What is Authentic Content?

woman in front of laptop on wooden table

One of the coolest things that we do at Voxy is take authentic pieces of media (articles, video transcripts, images, tweets, etc.) and turn them into English lessons really quickly. Using technology that we developed in-house, in a matter of seconds we can select the most relevant keywords in any piece of text, define them, and identify different, related words so that we can automatically create dozens of different language learning activities.  This is important because it lets us teach people with exactly what they need.  We know that language learning works best when learners practice with materials that are interesting to them and relevant to their own goals, which is why one-size-fits-all approaches tend to fall flat.  But, accomplishing this hyper-personalization at scale is all but impossible without leveraging technology, which is why we have four patents on the tool that lets us do it.

I explain this to people all the time, whether its investors who are thinking about working with us or language school directors who want to offer learners more tailored content.  But what I have come to realize over the years is that while people can understand the importance of authentic, personalized content in theory, it is hard for them to grasp what that means in practice.  So, I was delighted this morning when I found out that The International Journal of Advanced Corporate Learning had published a case study on the Voxy course English for Software Engineers (it’s on page 27).  The study highlights exactly how we approached building this task-based course with all of the English that software engineers will use on the job.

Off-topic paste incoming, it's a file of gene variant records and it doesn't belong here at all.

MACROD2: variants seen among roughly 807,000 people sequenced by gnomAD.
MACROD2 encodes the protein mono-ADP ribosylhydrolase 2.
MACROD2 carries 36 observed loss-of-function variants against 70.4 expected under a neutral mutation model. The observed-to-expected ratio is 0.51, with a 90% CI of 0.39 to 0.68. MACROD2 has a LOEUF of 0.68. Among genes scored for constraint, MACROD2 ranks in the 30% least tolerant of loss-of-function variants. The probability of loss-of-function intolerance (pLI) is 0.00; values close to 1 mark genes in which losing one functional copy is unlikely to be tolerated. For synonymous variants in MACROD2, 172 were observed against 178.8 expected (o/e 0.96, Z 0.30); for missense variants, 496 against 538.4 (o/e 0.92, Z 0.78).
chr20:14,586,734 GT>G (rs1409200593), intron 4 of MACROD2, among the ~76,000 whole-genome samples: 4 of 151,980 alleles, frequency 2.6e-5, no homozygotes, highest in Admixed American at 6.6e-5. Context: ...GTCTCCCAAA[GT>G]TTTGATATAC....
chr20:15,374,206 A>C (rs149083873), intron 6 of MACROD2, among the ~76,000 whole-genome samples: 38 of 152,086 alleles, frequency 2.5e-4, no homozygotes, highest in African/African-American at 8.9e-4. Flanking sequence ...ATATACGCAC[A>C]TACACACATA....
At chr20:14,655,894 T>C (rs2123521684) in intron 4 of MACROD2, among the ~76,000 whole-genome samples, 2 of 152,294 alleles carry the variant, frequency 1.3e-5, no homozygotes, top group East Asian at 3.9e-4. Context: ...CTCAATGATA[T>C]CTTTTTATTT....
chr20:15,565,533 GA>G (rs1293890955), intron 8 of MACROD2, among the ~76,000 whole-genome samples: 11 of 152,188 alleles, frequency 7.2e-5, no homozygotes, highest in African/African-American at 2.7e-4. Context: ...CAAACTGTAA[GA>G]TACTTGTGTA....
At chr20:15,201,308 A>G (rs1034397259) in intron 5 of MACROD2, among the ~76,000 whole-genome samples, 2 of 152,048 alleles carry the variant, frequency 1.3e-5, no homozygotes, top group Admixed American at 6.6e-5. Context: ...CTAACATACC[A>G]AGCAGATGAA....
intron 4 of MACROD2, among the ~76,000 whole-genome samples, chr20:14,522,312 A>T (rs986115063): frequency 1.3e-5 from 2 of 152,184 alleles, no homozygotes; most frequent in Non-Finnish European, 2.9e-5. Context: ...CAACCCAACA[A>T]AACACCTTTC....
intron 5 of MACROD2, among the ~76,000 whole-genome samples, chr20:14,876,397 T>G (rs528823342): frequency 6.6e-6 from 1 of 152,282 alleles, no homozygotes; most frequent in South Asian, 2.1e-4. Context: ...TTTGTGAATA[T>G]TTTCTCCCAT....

With over 21 million developers across the globe, software engineering is one of the world’s fastest growing professions. English is central to a career in software development because almost every programming language borrows both commands and syntax from English.  Further, here is a huge demand for software engineers to communicate in English in order to work in the U.S. or overseas for global companies. To build this course, we conducted dozens of interviews with subject matter experts—the engineers themselves—asking them about how they use English in the course of doing their jobs, what they need to read, and what they need to understand.  We recorded meetings between engineers and clients as well as engineers themselves, and collected examples of threaded, text-based conversations between software developers throughout their workdays.

This innovative course gives students the skills they need to talk about their work, collaborate with clients and colleagues, and participate in global meetings.  It won an award from the International E-Learning Association, and it’s being used right now with international software developers who need to be able to speak English.  It provides a clear and comprehensible look at why a generic English course is inadequate, and how using real-world, needs-specific English content is the most efficient and effective way to get adults the skills they need to succeed.